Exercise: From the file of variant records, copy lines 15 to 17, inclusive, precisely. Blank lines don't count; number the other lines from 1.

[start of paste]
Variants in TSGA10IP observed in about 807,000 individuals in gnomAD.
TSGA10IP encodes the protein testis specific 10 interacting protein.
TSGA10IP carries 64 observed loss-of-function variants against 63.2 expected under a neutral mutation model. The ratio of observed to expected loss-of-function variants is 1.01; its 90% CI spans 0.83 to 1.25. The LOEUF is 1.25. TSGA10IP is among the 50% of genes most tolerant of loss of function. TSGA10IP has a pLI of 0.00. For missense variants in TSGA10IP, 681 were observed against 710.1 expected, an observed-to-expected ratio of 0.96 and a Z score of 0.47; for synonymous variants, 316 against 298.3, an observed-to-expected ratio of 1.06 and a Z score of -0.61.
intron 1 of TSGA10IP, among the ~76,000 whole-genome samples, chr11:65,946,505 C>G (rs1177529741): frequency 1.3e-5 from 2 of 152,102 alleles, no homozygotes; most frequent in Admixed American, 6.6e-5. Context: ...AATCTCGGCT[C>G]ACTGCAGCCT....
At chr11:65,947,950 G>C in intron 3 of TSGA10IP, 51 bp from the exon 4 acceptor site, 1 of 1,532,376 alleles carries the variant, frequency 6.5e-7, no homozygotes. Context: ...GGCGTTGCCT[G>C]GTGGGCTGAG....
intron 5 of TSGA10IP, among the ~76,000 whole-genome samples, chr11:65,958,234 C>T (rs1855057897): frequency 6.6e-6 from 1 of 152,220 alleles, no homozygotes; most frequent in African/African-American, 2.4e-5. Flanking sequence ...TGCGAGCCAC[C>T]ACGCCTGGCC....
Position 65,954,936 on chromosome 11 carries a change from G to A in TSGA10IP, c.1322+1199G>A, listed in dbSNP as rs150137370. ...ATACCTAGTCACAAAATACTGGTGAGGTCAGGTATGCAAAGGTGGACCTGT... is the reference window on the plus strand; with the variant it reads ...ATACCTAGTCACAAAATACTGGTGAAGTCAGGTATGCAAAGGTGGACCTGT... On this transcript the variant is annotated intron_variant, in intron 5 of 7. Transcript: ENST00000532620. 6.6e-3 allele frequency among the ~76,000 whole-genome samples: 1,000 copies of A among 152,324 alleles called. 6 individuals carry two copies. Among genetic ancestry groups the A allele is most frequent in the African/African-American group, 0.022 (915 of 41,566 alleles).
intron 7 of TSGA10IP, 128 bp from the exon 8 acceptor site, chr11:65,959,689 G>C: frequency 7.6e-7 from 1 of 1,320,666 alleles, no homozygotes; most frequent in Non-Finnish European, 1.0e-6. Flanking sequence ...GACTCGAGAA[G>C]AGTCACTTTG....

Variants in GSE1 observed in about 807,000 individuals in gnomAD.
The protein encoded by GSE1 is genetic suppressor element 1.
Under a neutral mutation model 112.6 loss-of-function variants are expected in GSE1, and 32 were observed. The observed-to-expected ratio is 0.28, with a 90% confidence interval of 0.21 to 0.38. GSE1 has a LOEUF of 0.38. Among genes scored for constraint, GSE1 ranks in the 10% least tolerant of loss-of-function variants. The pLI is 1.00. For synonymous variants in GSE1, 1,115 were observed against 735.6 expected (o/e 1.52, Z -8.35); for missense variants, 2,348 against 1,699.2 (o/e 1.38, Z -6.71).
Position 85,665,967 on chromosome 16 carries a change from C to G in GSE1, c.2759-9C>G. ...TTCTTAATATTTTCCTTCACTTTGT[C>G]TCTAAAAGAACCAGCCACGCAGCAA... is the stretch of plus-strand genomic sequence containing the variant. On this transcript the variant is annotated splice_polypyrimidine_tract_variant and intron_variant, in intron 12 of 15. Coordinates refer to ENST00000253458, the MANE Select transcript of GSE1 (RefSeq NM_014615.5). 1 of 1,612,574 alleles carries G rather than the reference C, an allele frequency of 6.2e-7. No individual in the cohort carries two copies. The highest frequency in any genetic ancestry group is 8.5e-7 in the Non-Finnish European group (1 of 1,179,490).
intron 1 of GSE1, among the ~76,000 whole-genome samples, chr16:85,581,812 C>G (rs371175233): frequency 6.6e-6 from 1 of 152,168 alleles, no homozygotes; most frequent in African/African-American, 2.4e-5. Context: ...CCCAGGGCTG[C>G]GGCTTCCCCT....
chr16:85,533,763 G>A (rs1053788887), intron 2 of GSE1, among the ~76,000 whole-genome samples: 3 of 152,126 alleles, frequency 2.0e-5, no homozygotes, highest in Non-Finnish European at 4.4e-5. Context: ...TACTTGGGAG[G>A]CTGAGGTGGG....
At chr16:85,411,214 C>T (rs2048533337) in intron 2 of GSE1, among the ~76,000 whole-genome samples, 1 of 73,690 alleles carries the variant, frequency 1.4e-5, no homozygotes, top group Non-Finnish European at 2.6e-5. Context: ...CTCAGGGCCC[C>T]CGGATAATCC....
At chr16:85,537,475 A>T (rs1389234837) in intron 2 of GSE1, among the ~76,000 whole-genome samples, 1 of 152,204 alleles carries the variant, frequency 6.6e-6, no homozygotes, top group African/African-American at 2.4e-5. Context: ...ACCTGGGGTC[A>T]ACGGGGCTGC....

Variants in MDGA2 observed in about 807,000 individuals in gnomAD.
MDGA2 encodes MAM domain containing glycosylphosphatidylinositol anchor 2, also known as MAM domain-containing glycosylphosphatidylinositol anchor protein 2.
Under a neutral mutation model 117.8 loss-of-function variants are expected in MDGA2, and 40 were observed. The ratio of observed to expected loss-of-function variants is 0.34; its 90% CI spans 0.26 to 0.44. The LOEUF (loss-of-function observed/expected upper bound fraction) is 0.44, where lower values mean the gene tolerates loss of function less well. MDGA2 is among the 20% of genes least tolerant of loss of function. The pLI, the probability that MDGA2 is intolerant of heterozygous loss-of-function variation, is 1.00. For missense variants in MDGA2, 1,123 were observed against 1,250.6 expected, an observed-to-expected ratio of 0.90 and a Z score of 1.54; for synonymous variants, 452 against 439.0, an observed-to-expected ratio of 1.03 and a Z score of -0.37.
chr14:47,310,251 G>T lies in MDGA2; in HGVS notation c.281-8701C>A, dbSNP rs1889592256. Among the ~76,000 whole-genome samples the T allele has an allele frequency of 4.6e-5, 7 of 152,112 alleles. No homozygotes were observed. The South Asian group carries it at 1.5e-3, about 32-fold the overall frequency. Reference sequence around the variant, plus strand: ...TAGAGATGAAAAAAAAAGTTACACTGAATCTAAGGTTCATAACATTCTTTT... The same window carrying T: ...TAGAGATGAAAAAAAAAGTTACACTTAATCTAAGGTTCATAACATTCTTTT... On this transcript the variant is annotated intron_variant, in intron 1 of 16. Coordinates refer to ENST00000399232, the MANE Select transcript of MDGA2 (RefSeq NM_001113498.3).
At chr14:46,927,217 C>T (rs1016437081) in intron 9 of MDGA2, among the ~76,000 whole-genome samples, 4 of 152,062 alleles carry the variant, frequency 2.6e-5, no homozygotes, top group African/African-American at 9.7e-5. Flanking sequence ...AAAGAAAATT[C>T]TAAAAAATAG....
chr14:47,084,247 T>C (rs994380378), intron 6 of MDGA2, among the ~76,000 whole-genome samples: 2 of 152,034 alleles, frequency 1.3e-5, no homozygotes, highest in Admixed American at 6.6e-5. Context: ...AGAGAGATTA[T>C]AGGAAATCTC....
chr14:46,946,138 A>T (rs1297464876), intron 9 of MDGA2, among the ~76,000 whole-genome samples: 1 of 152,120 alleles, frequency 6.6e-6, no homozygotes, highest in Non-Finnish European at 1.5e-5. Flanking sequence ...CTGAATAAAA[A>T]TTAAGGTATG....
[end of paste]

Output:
At chr16:85,411,214 C>T (rs2048533337) in intron 2 of GSE1, among the ~76,000 whole-genome samples, 1 of 73,690 alleles carries the variant, frequency 1.4e-5, no homozygotes, top group Non-Finnish European at 2.6e-5. Context: ...CTCAGGGCCC[C>T]CGGATAATCC....
At chr16:85,537,475 A>T (rs1389234837) in intron 2 of GSE1, among the ~76,000 whole-genome samples, 1 of 152,204 alleles carries the variant, frequency 6.6e-6, no homozygotes, top group African/African-American at 2.4e-5. Context: ...ACCTGGGGTC[A>T]ACGGGGCTGC....

Variants in MDGA2 observed in about 807,000 individuals in gnomAD.